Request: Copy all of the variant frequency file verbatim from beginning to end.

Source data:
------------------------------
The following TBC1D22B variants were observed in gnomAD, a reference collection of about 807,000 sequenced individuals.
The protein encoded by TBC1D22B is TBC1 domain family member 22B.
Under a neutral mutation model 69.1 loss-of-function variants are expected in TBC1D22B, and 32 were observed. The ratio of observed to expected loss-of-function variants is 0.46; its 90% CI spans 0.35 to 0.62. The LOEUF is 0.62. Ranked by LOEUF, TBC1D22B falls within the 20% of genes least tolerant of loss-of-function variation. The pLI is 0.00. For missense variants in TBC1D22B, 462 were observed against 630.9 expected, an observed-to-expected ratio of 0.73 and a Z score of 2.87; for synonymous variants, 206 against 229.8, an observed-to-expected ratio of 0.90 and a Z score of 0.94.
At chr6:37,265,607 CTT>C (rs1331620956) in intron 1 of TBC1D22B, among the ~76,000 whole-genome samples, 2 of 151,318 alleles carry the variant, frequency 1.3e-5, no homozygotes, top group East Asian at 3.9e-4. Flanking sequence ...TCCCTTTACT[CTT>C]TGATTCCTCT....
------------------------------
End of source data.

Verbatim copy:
The following TBC1D22B variants were observed in gnomAD, a reference collection of about 807,000 sequenced individuals.
The protein encoded by TBC1D22B is TBC1 domain family member 22B.
Under a neutral mutation model 69.1 loss-of-function variants are expected in TBC1D22B, and 32 were observed. The ratio of observed to expected loss-of-function variants is 0.46; its 90% CI spans 0.35 to 0.62. The LOEUF is 0.62. Ranked by LOEUF, TBC1D22B falls within the 20% of genes least tolerant of loss-of-function variation. The pLI is 0.00. For missense variants in TBC1D22B, 462 were observed against 630.9 expected, an observed-to-expected ratio of 0.73 and a Z score of 2.87; for synonymous variants, 206 against 229.8, an observed-to-expected ratio of 0.90 and a Z score of 0.94.
At chr6:37,265,607 CTT>C (rs1331620956) in intron 1 of TBC1D22B, among the ~76,000 whole-genome samples, 2 of 151,318 alleles carry the variant, frequency 1.3e-5, no homozygotes, top group East Asian at 3.9e-4. Flanking sequence ...TCCCTTTACT[CTT>C]TGATTCCTCT....